Saturday, September 3, 2011

Famine in Somalia: a man-made crisis

A comment by Unni Karunakara in the Guardian (UK): The emergency unfolding in and around Somalia is being portrayed by many aid organisations and the media in one-dimensional terms, such as "famine in the Horn of Africa" or "worst drought in 60 years". But only blaming natural causes ignores the complex geopolitical realities exacerbating the situation and suggests that the solution lies in merely finding funds and shipping enough food. Glossing over the man-made causes of hunger and starvation in the region and the difficulties in addressing them will not help resolve the crisis.

I have just returned from Kenya and Somalia and what I and my Médecins Sans Frontières (MSF) colleagues are seeing indicates a profoundly distressing situation. In Mogadishu, I met a young woman from the southern region of Lower Shebelle who is now living in one of the many makeshift camps appearing all over the city. She left home with her husband and seven children because of a bad harvest and her inability to afford food and water. Somewhere along her trek, she had to leave her husband and three children behind, as they were too weak to complete the five-day walk.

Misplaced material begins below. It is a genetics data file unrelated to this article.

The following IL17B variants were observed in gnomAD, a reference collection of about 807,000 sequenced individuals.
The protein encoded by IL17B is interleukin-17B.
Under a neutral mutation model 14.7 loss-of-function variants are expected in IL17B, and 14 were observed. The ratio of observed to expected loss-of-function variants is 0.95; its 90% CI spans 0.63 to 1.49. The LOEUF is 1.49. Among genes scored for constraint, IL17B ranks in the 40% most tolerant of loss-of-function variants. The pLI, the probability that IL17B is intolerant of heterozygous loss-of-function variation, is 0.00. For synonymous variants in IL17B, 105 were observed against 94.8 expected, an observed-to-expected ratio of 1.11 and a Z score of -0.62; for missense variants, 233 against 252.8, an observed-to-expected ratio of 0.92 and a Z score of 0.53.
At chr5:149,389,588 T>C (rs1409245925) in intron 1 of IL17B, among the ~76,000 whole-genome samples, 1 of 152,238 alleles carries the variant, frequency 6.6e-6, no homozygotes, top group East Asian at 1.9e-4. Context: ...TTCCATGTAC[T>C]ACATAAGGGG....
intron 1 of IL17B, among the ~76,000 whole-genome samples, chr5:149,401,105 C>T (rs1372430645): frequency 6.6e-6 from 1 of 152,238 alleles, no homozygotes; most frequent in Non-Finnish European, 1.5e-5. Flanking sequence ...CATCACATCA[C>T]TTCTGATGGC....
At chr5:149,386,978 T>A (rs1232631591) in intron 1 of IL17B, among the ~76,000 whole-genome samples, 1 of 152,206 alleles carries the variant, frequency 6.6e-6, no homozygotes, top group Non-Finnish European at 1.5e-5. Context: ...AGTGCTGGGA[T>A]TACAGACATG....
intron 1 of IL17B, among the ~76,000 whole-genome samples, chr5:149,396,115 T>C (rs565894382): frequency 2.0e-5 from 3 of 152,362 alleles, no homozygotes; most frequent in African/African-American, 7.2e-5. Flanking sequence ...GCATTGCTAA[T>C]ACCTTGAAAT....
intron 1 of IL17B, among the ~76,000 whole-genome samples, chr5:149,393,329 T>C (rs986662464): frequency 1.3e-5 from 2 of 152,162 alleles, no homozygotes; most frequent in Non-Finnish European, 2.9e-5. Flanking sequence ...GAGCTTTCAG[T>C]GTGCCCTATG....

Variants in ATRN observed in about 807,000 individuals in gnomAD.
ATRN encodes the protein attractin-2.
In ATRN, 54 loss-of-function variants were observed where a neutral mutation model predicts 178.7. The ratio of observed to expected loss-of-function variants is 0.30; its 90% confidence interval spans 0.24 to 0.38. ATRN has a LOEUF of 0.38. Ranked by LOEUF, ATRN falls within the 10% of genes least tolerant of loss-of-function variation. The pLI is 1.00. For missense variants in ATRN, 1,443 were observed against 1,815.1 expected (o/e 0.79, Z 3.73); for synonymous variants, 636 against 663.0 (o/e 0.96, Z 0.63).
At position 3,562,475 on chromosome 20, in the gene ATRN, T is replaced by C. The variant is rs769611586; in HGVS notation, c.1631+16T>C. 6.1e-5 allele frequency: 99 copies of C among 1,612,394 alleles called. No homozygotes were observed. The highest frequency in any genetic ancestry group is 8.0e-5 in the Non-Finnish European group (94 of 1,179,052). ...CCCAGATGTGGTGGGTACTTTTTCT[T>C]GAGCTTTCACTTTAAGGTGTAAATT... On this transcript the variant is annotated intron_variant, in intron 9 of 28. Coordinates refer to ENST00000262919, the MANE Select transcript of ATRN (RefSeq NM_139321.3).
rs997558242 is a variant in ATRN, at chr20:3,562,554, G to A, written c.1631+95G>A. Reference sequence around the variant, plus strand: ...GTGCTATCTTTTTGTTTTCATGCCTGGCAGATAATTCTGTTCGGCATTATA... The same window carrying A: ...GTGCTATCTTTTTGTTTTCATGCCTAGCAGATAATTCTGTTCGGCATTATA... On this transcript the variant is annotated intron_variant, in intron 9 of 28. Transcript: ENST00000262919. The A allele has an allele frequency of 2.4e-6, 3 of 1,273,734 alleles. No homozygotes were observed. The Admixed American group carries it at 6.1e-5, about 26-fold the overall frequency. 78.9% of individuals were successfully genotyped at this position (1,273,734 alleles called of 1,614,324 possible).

Her story echoes those of thousands of other families in southern and central Somalia who have been ravaged by conflict for years and were tipped over the edge by drought. Malnutrition is chronic in many parts of the Horn of Africa and there needs to be a long-term international effort to ensure nutritious foods reach the people who need them. Today, however, the most urgent needs are concentrated in southern and central Somalia. Even if we do not have a full picture, we know the situation is dire from the large numbers of Somalis arriving in weak condition in the capital, Mogadishu, and at camps across the border in Kenya and Ethiopia.

The failed harvests exacerbated what was already a catastrophe. Somalia is the theatre for a brutal war between the transitional government, backed by western nations and supported by African Union troops, and armed opposition groups, most notably al-Shabaab. It is this war, combined with the internecine rivalries of the various Somali clans, that has kept independent international assistance away from many communities. The Somali people are trapped between various forces trying to weaken their opponents. There is virtually no access to healthcare in vast tracts of land across the country....

A malnourished child in an Medicins Sans Frontieres (Doctors Without Borders) treatment tent in the Dolo Ado camp, near Ethiopia's border with Somalia. Shot by Cate Turton/Department for International Development, Wikimedia Commons via Flickr, under the Creative Commons Attribution 2.0 Generic license

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